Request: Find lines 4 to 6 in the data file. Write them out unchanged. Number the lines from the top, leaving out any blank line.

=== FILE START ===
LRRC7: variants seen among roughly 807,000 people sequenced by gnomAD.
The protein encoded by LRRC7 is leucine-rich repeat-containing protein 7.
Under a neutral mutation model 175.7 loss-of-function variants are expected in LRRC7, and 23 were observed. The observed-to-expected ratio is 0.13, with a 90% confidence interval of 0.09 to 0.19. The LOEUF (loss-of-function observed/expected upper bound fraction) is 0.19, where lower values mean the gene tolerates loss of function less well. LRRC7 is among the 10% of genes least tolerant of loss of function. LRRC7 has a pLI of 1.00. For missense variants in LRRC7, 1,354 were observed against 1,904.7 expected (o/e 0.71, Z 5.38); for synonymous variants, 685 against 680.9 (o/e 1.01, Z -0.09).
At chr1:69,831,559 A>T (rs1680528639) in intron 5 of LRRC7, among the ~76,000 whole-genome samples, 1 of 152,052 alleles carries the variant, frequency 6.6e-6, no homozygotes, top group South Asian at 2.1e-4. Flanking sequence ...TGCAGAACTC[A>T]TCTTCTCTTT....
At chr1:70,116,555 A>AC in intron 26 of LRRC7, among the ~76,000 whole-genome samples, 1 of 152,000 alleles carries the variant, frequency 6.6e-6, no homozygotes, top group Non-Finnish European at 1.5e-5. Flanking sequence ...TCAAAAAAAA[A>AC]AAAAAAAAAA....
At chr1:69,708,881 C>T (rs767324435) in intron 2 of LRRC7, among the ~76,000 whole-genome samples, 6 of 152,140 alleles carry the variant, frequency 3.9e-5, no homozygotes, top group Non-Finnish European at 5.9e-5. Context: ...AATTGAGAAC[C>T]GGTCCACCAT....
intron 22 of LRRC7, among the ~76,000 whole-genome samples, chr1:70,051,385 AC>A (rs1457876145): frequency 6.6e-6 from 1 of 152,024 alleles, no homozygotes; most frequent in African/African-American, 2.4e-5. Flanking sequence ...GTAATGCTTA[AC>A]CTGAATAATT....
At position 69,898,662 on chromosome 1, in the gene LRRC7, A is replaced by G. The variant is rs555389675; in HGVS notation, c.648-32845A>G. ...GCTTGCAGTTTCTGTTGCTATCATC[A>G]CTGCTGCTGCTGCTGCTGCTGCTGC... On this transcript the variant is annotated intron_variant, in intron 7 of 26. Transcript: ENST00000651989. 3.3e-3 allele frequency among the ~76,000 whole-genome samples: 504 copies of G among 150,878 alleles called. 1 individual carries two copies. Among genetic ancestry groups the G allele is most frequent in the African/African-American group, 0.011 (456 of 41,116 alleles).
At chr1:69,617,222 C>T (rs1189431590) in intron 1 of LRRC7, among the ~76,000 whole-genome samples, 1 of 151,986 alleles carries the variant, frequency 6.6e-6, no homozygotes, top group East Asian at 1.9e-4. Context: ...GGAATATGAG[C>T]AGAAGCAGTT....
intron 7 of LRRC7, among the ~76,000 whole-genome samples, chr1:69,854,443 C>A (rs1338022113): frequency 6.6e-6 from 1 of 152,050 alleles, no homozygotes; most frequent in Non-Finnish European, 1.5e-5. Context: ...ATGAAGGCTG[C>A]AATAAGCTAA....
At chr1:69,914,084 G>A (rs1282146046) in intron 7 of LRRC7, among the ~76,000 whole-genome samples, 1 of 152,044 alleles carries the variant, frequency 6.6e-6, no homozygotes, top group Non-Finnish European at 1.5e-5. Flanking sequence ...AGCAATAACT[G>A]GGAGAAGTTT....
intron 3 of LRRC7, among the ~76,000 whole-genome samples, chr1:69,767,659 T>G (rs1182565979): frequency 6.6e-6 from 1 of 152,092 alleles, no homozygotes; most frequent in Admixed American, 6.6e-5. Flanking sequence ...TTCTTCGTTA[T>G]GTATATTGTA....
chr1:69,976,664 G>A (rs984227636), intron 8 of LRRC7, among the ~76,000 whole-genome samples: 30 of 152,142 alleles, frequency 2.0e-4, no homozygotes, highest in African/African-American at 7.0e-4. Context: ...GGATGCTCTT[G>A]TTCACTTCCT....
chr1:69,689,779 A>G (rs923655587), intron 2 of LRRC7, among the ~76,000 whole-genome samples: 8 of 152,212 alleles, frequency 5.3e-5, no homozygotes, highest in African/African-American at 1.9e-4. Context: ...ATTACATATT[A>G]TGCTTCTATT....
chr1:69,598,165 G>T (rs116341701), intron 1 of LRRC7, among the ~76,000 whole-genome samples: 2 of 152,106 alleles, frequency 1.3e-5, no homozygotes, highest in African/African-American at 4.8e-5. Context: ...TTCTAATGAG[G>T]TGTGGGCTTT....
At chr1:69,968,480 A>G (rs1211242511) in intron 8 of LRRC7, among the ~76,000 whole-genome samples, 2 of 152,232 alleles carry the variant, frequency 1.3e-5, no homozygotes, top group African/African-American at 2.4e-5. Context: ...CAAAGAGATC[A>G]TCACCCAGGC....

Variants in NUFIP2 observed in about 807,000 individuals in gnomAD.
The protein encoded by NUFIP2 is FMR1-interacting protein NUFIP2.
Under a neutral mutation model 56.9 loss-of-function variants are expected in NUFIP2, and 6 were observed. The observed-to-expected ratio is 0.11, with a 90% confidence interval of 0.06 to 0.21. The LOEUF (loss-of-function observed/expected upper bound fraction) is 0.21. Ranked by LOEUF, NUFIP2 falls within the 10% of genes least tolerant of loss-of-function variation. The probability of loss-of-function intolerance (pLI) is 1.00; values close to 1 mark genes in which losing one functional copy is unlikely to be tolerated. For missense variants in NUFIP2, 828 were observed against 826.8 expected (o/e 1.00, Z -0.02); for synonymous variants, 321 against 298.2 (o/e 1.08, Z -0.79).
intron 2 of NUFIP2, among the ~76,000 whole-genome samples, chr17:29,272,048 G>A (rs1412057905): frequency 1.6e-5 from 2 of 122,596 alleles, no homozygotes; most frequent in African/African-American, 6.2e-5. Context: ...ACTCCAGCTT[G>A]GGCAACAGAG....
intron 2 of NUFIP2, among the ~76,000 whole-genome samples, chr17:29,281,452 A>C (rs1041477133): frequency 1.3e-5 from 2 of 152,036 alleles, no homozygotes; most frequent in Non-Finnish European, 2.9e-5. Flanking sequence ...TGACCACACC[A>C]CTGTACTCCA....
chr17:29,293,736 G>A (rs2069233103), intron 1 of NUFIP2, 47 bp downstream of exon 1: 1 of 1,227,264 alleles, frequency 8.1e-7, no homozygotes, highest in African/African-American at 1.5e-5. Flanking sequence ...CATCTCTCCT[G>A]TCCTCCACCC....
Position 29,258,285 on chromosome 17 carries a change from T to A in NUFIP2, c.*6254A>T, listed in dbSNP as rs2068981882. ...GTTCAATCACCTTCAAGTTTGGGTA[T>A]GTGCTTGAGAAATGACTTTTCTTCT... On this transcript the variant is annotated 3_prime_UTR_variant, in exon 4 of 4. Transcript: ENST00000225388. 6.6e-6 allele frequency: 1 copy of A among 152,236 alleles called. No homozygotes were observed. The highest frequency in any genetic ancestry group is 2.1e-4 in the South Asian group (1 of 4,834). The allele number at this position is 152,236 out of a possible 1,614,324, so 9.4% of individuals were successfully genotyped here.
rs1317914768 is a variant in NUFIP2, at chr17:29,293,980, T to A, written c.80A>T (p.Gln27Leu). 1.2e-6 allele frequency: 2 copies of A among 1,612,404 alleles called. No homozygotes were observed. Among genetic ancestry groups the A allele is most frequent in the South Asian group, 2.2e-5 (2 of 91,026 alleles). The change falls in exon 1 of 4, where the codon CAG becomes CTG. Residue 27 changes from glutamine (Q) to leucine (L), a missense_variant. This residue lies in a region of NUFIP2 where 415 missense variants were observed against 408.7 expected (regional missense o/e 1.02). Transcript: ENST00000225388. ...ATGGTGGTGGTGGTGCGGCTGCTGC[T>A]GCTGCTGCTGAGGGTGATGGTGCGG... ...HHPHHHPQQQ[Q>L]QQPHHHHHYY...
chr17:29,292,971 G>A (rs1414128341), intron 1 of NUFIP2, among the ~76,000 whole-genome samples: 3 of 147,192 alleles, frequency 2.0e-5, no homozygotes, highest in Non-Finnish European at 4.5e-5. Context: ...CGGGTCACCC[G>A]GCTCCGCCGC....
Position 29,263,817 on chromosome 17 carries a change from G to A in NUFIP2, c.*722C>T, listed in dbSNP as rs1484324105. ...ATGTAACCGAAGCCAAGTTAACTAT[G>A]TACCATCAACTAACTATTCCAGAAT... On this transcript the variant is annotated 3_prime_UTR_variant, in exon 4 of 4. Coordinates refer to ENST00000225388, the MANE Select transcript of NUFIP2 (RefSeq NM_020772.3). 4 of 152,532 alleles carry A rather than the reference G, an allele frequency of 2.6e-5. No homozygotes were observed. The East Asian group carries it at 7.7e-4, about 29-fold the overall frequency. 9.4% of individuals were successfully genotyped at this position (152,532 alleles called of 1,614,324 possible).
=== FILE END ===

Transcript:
At chr1:69,831,559 A>T (rs1680528639) in intron 5 of LRRC7, among the ~76,000 whole-genome samples, 1 of 152,052 alleles carries the variant, frequency 6.6e-6, no homozygotes, top group South Asian at 2.1e-4. Flanking sequence ...TGCAGAACTC[A>T]TCTTCTCTTT....
At chr1:70,116,555 A>AC in intron 26 of LRRC7, among the ~76,000 whole-genome samples, 1 of 152,000 alleles carries the variant, frequency 6.6e-6, no homozygotes, top group Non-Finnish European at 1.5e-5. Flanking sequence ...TCAAAAAAAA[A>AC]AAAAAAAAAA....
At chr1:69,708,881 C>T (rs767324435) in intron 2 of LRRC7, among the ~76,000 whole-genome samples, 6 of 152,140 alleles carry the variant, frequency 3.9e-5, no homozygotes, top group Non-Finnish European at 5.9e-5. Context: ...AATTGAGAAC[C>T]GGTCCACCAT....